When the snows fall and the white winds blow, the lone wolf dies but the pack survives. – George R. R. Martin
The frozen tundra of Alaska is a harsh and unforgiving place in the long winter months, especially for a wolf. During the summer, the abundance of small animals allows a solitary wolf to hunt with relative ease, but when winter arrives, most of the smaller prey go underground into hibernation. The only available food source becomes larger herd animals, a daunting challenge even for the largest of predators.
This forces wolves to choose between survival and solitude. The pack rules. A full-grown caribou is no match for the might of the pack. Working together, wolves not only survive but thrive as a unified pack.
Similarly, we all have summer seasons in our lives, where problems are small, and we have little trouble handling the bumps in the road of life alone. However, the course of human history tells us that winter is coming.
We desperately need each other. Sharing grief, celebrating joy and lending a hand all require vulnerability and the ability to think outside of oneself with a true servant’s heart. Our goal in community should not be, What can I get for myself? but rather, How can I help support others around me?
Again and again in Scripture, we see this concept fleshed out. Bear one another’s burdens. Be kind to one another. Be tenderhearted, forgiving one another. Pray for one another. Love one another. Time after time, God tells us to live in community. In our individualized society where a traditionally communal resource such as water can be purchased in individual packaging, this flies in the face of “normal” thinking. In a dog-eat-dog world, we need the power of the pack.
Where can we go to find this kind of community? Is there some sort of Match.com for finding your pack? The answer is the same as it has been for the last 2,000 years: the local church. Now before you stop reading, give me a moment to explain. I realize that some people have given up on the idea of church. Bad experiences, legalism, hypocrisy and interpersonal conflict have driven countless Christians into the harsh winter of life to go it alone. I’ve been there, too.
I don’t know your story, but I do know this: The Gospel that Jesus came to share is based on rescuing deeply flawed and broken people from the prison of their own sin and selfishness. We need that deliverance daily as we continue to struggle toward repentance, submission and dependence. Wouldn’t it make sense that a church made up of flawed and broken people humbly seeking Christ would still struggle at times with the selfishness that lies in every heart?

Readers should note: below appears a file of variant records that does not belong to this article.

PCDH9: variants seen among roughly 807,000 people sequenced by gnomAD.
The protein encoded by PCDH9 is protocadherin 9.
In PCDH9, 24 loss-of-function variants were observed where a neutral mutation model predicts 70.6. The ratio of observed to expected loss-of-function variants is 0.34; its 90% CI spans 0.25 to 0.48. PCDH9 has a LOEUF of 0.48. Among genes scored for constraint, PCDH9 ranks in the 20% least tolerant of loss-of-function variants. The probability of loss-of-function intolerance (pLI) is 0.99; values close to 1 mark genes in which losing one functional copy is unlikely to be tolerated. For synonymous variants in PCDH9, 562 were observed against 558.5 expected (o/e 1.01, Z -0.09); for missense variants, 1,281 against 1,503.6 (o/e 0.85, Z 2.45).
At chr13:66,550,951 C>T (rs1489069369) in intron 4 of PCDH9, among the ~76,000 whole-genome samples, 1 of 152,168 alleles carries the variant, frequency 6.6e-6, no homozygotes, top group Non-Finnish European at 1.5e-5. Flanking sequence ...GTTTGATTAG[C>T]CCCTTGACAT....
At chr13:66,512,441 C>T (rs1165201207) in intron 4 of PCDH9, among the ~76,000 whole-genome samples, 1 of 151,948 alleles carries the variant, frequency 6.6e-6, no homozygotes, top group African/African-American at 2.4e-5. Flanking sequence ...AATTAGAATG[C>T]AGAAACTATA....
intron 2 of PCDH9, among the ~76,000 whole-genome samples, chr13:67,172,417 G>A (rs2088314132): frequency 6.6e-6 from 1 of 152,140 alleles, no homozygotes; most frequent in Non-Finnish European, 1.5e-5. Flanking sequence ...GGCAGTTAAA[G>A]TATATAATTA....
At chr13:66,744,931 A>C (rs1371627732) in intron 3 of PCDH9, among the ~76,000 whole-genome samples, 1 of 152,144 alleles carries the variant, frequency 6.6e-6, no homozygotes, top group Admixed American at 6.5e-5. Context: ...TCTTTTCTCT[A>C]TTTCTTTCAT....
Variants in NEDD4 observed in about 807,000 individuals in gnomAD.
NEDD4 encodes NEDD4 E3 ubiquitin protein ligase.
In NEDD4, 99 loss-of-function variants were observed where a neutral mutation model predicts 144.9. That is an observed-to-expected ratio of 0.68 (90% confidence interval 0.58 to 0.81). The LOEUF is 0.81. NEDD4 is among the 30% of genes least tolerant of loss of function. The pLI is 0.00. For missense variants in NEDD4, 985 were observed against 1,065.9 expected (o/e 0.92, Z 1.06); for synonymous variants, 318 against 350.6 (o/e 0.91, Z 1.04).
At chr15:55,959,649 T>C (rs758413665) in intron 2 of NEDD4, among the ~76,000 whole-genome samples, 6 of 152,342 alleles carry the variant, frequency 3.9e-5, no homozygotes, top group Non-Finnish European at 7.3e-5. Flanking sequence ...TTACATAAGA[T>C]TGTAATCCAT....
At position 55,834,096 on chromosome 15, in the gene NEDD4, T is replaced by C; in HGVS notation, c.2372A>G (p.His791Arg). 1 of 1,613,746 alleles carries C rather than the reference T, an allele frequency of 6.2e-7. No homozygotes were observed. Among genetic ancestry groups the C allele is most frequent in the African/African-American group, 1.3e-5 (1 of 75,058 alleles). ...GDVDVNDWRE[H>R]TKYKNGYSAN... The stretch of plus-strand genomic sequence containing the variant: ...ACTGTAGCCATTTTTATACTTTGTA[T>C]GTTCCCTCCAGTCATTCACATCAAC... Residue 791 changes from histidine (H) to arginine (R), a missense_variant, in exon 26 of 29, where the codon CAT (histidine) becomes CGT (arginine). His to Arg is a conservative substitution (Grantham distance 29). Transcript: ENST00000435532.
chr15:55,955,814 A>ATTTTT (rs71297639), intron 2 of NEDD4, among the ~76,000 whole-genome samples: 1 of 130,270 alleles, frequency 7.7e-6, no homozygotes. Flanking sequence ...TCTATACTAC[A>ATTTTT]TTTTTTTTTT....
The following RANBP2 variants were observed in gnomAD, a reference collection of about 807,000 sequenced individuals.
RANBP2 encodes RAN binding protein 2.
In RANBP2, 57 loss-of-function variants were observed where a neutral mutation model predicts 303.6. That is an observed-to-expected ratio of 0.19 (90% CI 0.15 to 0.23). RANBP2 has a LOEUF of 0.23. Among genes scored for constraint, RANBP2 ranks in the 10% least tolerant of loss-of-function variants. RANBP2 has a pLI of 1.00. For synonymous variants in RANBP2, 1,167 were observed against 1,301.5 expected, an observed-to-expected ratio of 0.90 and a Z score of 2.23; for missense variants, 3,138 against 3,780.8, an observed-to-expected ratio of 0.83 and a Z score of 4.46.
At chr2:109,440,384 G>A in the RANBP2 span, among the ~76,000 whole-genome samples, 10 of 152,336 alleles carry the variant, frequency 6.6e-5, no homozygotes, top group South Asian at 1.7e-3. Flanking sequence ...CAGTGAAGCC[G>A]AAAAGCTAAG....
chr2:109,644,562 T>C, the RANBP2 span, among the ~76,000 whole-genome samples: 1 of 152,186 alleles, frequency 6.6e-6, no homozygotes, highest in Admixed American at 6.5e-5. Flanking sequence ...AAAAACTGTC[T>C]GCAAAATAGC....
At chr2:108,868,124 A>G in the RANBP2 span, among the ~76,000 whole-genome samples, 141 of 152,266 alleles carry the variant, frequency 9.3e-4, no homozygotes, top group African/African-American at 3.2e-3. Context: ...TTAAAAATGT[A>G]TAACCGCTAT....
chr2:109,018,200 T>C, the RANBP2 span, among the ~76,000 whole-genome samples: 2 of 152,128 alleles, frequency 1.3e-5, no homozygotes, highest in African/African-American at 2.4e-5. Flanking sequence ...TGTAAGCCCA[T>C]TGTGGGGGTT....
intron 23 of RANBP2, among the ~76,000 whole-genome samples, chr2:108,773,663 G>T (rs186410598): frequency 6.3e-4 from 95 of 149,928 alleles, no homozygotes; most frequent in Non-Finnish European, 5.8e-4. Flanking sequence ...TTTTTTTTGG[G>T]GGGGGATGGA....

There is no perfect church, and that is a good thing, because we bring all of our own baggage with us the second we walk through the door. This is the very reason the Bible calls us to kindness, forgiveness and encouragement. Connecting with people in a local church is not a passive process. It is not simply attending a service on Sunday. It is not just placing your weekly donation in the offering plate. It is not a passing acquaintance with a crowd of other people who identify as Christian. This is where vulnerability and servanthood come into play. As we build trust with our co-believers and obey the Savior’s command to carry each other’s burdens, it opens us up for potential heartbreak.
C. S. Lewis said it best:
To love at all is to be vulnerable. Love anything and your heart will be wrung and possibly broken. If you want to make sure of keeping it intact you must give it to no one, not even an animal. Wrap it carefully round with hobbies and little luxuries; avoid all entanglements. Lock it up safe in the casket or coffin of your selfishness. But in that casket, safe, dark, motionless, airless, it will change. It will not be broken; it will become unbreakable, impenetrable, irredeemable. To love is to be vulnerable.
So many people feel like the local church has failed them, and in reality, it has failed us all at one time or another. It is made up of flawed people, and sometimes it is the very process of learning to coexist with and rely on our brothers and sisters in Christ, even in all their inadequacies and failings, that helps shape us into His image.
How do we develop this kind of community? Make time. Our culture moves at a thousand miles an hour. Busy schedules, long workdays, school, sporting events and a myriad other activities fight for time and energy in our lives. It all comes down to priorities. Taking time for relationships is tougher than it seems, but the alternative is far worse.
God is a relational being, and He designed us to be the same way. We all need deeper relationships to fully realize the life that God has intended for us. The default in our world is hundreds of acquaintances but very few, if any, meaningful friendships in which we can pull back the carefully manicured façade that we work so hard to maintain. Substantial bonds like this take time to develop but are critical to life according to the Gospel.
The choice is solitude or survival. Winter is coming. Are you ready?
The article is also available at Relevant Magazine.